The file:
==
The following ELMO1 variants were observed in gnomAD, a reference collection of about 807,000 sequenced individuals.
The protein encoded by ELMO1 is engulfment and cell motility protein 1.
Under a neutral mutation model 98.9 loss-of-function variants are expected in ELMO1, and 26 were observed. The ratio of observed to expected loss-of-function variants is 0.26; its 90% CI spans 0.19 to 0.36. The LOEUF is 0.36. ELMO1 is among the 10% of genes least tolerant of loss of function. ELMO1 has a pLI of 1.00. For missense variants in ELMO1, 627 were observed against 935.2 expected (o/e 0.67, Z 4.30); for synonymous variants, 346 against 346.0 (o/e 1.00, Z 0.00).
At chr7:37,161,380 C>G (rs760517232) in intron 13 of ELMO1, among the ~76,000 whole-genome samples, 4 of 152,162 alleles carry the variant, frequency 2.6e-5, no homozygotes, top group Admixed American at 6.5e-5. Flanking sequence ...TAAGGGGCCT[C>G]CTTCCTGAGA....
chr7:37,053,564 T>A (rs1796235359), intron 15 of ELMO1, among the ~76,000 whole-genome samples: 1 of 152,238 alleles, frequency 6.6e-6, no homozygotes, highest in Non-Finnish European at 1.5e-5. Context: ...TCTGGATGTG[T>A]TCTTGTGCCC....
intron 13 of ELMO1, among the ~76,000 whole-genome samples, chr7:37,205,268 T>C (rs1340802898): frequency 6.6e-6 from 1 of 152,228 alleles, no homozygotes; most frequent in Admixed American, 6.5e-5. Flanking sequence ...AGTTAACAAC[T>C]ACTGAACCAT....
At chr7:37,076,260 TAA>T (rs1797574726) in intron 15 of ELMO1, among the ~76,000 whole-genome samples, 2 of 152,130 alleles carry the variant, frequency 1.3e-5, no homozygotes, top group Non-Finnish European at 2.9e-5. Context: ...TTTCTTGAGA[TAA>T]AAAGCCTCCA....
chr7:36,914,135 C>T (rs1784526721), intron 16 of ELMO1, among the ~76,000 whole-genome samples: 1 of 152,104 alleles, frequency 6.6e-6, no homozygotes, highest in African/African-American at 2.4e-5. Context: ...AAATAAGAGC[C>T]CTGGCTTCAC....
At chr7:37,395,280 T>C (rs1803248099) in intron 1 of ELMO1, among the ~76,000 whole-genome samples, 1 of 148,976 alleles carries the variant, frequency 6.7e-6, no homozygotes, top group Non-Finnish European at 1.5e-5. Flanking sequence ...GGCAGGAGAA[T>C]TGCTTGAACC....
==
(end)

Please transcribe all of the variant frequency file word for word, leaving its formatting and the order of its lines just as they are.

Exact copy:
The following ELMO1 variants were observed in gnomAD, a reference collection of about 807,000 sequenced individuals.
The protein encoded by ELMO1 is engulfment and cell motility protein 1.
Under a neutral mutation model 98.9 loss-of-function variants are expected in ELMO1, and 26 were observed. The ratio of observed to expected loss-of-function variants is 0.26; its 90% CI spans 0.19 to 0.36. The LOEUF is 0.36. ELMO1 is among the 10% of genes least tolerant of loss of function. ELMO1 has a pLI of 1.00. For missense variants in ELMO1, 627 were observed against 935.2 expected (o/e 0.67, Z 4.30); for synonymous variants, 346 against 346.0 (o/e 1.00, Z 0.00).
At chr7:37,161,380 C>G (rs760517232) in intron 13 of ELMO1, among the ~76,000 whole-genome samples, 4 of 152,162 alleles carry the variant, frequency 2.6e-5, no homozygotes, top group Admixed American at 6.5e-5. Flanking sequence ...TAAGGGGCCT[C>G]CTTCCTGAGA....
chr7:37,053,564 T>A (rs1796235359), intron 15 of ELMO1, among the ~76,000 whole-genome samples: 1 of 152,238 alleles, frequency 6.6e-6, no homozygotes, highest in Non-Finnish European at 1.5e-5. Context: ...TCTGGATGTG[T>A]TCTTGTGCCC....
intron 13 of ELMO1, among the ~76,000 whole-genome samples, chr7:37,205,268 T>C (rs1340802898): frequency 6.6e-6 from 1 of 152,228 alleles, no homozygotes; most frequent in Admixed American, 6.5e-5. Flanking sequence ...AGTTAACAAC[T>C]ACTGAACCAT....
At chr7:37,076,260 TAA>T (rs1797574726) in intron 15 of ELMO1, among the ~76,000 whole-genome samples, 2 of 152,130 alleles carry the variant, frequency 1.3e-5, no homozygotes, top group Non-Finnish European at 2.9e-5. Context: ...TTTCTTGAGA[TAA>T]AAAGCCTCCA....
chr7:36,914,135 C>T (rs1784526721), intron 16 of ELMO1, among the ~76,000 whole-genome samples: 1 of 152,104 alleles, frequency 6.6e-6, no homozygotes, highest in African/African-American at 2.4e-5. Context: ...AAATAAGAGC[C>T]CTGGCTTCAC....
At chr7:37,395,280 T>C (rs1803248099) in intron 1 of ELMO1, among the ~76,000 whole-genome samples, 1 of 148,976 alleles carries the variant, frequency 6.7e-6, no homozygotes, top group Non-Finnish European at 1.5e-5. Flanking sequence ...GGCAGGAGAA[T>C]TGCTTGAACC....